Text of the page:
Martial law and terrorism
ALTHOUGH it may said that President Rodrigo Duterte had an inkling of declaring martial rule early on to solve the country’s pressing problems, it was because of the terroristic act of the Maute group that he placed in haste the entire Mindanao under martial law.
Everybody condemns terrorism. In the words of Mindanao Catholic bishops, “In the strongest terms we condemn terrorism in its various forms. It is an ideology that is totally against the tenets of any religion of peace. Especially so when terrorism is perpetrated while our Muslim brothers and sisters are preparing for the holy month of Ramadhan. Terrorism distorts and falsifies the true meaning of any religion.”
The majority of the Senators and, presumably, the majority of the population support the decision of President Duterte to declare Martial Law in response to the Marawi crisis. Most netizens, or mostly those who have not experienced the Marcos rule, have no second thoughts about martial law. For them what is important is a once-and-for-all solution to the protracted Mindanao conflict. At this point in time, many believe that martial law is the only answer to local terrorism. For now, it does not matter that the root cause of the conflict in Mindanao lurks in social injustice, poverty and, to quote Pope Francis, in “ideology that masquerades as religion.”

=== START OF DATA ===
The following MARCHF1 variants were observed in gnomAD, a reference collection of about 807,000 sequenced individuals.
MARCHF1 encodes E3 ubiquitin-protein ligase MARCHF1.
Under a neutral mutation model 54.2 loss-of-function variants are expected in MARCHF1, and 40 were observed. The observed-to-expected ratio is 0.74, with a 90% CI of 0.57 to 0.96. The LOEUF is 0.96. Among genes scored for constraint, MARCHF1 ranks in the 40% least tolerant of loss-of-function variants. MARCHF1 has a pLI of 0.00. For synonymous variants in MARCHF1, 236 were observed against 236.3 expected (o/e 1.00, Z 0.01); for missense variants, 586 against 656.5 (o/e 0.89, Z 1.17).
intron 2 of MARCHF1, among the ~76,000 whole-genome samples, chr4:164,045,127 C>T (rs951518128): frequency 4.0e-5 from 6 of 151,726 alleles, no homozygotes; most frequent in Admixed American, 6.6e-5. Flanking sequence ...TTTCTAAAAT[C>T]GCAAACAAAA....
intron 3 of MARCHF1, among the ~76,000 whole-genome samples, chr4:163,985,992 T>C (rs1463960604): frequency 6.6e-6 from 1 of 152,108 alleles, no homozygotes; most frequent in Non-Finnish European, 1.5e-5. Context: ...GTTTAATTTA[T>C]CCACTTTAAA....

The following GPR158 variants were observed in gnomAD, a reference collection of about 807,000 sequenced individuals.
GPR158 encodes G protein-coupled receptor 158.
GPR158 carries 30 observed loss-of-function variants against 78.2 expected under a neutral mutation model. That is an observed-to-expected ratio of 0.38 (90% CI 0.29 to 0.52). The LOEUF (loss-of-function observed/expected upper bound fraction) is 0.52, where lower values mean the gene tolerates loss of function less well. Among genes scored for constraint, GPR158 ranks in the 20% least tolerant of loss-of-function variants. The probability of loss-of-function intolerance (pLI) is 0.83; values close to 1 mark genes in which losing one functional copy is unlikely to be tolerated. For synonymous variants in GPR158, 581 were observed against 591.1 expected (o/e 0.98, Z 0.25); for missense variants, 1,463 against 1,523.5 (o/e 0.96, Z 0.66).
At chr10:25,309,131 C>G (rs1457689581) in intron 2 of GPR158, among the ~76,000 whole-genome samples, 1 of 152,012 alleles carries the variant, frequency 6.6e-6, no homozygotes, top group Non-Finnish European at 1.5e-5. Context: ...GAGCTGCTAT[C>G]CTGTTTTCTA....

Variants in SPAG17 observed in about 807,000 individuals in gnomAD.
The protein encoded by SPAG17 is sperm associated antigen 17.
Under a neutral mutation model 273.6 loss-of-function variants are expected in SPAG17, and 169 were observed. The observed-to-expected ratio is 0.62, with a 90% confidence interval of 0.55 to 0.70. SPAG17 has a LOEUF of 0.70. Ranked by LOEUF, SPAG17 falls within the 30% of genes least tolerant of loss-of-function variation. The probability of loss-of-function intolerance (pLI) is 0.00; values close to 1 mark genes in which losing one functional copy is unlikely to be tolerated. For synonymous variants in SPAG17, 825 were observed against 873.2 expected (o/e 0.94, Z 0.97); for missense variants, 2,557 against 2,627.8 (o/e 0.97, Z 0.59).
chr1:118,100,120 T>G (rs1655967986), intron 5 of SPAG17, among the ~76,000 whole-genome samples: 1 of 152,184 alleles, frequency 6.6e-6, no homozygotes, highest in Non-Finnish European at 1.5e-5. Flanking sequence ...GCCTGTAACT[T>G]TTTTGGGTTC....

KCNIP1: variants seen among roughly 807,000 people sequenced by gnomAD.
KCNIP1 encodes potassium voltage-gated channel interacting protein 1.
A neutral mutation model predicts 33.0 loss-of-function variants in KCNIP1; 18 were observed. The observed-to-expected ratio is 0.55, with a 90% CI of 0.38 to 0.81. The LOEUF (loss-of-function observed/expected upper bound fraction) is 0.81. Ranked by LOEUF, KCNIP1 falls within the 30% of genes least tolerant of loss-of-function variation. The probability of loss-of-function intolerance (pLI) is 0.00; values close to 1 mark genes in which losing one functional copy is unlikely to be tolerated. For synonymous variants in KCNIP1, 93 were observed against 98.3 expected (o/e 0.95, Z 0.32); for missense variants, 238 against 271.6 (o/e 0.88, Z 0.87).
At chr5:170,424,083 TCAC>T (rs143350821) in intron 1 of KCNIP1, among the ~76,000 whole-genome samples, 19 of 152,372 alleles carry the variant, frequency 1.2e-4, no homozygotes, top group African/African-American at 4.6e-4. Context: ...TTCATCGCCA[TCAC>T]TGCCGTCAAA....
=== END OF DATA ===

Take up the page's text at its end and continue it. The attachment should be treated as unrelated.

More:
Despite safeguards guaranteed by the 1987 Constitution, however, not a few have questioned the legitimacy and efficacy of declaring Martial Law. The Catholic bishops of Mindanao in a statement signed by Cardinal Orlando Quevedo have raised several questions, too. But the answers to many questions, they say, are speculative. “We have many fears. But at present we simply do not have solid and sufficient facts to absolutely reject the declaration of Martial Law as morally reprehensible. But we are certainly agreed that Martial Law must be temporary. We shall condemn any abuse of Martial Law and as in the past will condemn it outright if it goes in the way of evil,” so said the bishops.
The only rub is, history do have many answers even to forward-looking questions. Even without mentioning Ferdinand Marcos, Sr., who seems to be the idol of the present dispensation, other countries tell of history where absolute rule has become worse than pockets of terrorism. Terrorism pales in comparison with the devastation that absolute military might has plagued humanity. Pray tell that there are no dictators in the making out there, or else even Congress and other democratic institutions will not be able to withstand–as in the past.